China Miéville, A Spectre, Haunting: On the Communist Manifesto, Head of Zeus, 2022
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Reviewed by Ted Witham
For most bourgeois (and I have to admit to being bourgeois), becoming a Communist is a taboo, a step too far. Even for one with progressive politics, the idea of throwing out the whole system by which society governs itself, and starting again, is too, well, too revolutionary.
China Miéville is an English writer I look out for. His fantasy ‘steam punk’ novels explore the use of power and the experience of the underclass. His writing has vigour and joy, so A Spectre, Haunting appealed to me because of its author. If nothing else, it would be well written.
Miéville himself is active in socialist and communist circles in England, so his commitment was no surprise. A Spectre, Haunting is above all a masterly commentary on Marx and Engels’ The Communist Manifesto, written with humour and compassion. The book includes the whole text of the Manifesto and Engels’ prefaces to later editions. It is rounded out with a comprehensive bibliography.
Miéville assures us that Karl Marx was the main author of The Manifesto. The central problem that Karl Marx discerns is that too much wealth is in the hands of too few. In order to create a fairer society, in which everyone has enough and has opportunities to develop themselves, that 1% must be divested of its money and power, so that all can benefit: a commonwealth.
The French Revolution, say Marx and Miévelle, did not go far enough. It replaced the nobility’s hold on the bulk of the wealth in favour of the bourgeoisie. The paysans and the urban poor still missed out.
The difference today is that the wealth is held not only by Queen Elizabeth II and the Sultan of Brunei, but also by Elon Musk and Rupert Murdoch, bourgeois capitalists who, like their royal forebears, have no intention of sharing!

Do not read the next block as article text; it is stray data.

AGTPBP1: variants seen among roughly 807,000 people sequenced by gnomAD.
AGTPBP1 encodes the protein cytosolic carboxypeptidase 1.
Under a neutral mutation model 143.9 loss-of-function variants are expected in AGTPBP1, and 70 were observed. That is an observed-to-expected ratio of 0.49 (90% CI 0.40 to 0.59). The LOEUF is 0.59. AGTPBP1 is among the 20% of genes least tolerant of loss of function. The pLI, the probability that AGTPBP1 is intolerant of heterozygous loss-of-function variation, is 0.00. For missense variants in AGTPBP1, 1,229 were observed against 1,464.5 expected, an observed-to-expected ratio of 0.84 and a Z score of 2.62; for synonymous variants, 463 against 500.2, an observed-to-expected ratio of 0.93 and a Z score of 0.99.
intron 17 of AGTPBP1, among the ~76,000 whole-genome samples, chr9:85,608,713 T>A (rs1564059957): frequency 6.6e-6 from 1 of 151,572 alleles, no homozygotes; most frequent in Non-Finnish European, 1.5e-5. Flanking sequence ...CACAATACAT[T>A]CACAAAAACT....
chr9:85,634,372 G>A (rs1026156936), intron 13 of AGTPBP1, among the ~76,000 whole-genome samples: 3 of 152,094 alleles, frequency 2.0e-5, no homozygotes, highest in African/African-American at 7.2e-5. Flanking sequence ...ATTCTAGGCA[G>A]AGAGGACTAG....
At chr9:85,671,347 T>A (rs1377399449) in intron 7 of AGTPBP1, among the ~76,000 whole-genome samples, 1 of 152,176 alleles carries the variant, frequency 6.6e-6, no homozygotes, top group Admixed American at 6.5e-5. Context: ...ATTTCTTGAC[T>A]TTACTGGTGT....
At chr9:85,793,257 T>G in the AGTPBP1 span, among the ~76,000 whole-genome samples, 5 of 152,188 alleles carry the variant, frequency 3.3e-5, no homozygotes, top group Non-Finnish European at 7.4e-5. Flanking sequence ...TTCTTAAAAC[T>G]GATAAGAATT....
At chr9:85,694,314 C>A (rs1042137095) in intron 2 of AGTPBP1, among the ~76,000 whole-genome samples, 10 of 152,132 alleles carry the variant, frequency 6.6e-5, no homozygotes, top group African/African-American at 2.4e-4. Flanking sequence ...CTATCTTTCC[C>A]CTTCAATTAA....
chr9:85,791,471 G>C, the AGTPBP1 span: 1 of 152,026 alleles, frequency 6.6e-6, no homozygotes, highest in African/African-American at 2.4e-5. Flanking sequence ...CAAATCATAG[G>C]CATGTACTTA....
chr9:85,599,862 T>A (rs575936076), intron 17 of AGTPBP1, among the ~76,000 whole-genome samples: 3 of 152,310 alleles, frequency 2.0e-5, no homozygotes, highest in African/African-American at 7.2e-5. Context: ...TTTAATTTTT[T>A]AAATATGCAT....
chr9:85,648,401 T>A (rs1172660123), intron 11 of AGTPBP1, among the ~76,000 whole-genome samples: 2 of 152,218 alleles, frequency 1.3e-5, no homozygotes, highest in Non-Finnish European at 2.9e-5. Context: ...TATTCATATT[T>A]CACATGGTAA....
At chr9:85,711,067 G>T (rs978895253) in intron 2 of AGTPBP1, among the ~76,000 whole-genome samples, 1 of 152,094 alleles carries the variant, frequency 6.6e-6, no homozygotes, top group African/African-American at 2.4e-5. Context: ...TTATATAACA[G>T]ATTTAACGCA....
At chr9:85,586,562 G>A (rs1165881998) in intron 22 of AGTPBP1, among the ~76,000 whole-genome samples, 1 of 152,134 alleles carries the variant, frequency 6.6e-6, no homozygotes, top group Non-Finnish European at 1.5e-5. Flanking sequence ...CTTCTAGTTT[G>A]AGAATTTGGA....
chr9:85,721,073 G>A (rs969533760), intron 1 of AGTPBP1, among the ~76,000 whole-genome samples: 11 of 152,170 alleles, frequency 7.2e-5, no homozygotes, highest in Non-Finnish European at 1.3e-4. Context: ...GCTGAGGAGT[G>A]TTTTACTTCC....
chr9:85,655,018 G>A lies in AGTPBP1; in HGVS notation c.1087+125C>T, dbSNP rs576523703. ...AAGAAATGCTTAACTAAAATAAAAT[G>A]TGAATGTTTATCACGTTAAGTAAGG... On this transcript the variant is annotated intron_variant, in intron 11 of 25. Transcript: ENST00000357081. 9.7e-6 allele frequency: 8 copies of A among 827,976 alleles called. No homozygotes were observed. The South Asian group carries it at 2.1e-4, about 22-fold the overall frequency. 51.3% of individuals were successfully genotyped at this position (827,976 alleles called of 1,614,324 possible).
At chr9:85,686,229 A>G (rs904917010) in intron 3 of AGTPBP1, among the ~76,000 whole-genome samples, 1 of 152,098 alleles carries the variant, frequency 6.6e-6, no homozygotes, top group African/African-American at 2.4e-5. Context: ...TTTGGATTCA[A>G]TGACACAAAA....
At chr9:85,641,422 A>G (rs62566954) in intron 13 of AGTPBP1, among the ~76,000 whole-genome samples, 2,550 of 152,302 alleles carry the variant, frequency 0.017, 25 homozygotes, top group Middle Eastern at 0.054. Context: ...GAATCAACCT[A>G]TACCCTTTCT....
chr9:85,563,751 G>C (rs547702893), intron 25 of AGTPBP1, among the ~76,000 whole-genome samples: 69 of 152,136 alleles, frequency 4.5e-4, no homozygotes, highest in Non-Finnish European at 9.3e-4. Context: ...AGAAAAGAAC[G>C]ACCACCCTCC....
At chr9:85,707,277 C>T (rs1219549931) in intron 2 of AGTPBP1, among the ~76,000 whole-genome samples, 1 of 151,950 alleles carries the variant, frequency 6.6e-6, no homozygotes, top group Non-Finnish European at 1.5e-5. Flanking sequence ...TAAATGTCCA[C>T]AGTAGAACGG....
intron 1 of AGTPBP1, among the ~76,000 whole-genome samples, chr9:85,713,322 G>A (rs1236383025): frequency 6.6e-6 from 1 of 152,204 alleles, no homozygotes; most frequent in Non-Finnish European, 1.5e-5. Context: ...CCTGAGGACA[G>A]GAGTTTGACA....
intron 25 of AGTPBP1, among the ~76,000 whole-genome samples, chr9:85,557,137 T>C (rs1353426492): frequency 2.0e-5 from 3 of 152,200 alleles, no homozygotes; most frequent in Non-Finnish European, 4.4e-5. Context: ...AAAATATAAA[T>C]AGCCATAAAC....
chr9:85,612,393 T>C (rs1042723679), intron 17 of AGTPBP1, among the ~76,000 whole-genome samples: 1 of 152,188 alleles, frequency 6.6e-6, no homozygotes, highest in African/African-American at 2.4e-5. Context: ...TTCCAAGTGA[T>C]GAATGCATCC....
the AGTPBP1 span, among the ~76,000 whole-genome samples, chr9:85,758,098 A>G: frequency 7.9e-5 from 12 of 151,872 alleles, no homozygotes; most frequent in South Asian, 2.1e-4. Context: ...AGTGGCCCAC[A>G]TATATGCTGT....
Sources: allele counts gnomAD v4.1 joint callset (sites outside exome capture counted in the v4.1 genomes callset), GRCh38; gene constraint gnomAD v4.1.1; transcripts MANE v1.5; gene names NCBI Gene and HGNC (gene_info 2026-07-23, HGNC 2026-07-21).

So, the solution to the inequality Marx discerned in 1848 is still the same in 2022: replace the hegemony of the capitalists with government by the workers and the underclasses. Miéville claims that Marx was not idealistic about this. The working classes still need to grow into that role, because as exploited human beings, they have been conditioned by the rich capitalists into the view that they do not have the capacity to build a fairer world.
In 1848, a year of aborted revolutions, Marx whimsically described communism as ‘a spectre, haunting … [a]ll the powers of Old Europe.’ The Berlin Wall came down in 1989. Thirty-three years later, communism still seems to be a spectre, haunting the globalised world. Though technically dead, its persuasive analysis of capitalist society and its attractive vision of a world where everyone has enough to flourish, still sits in the back of our collective mind.
As Christians, we have a love-hate relationship with Communism. Our analysis agrees with that of Marx: that the greed of the very rich robs the poor of a dignified life. But we are suspicious of Marx’s non-violence. We know, right from the Cross, that non-violence resistance usually provokes the violence of the system, however, my reading is that The Communist Manifesto is too ready to condone that violence.
Maybe China Miéville, writing so compelling about the revolution, will be part of a movement to bring the haunting spectre back to life. Given the ravages of capitalism, we should arise, because ‘we have nothing to lose except our chains’.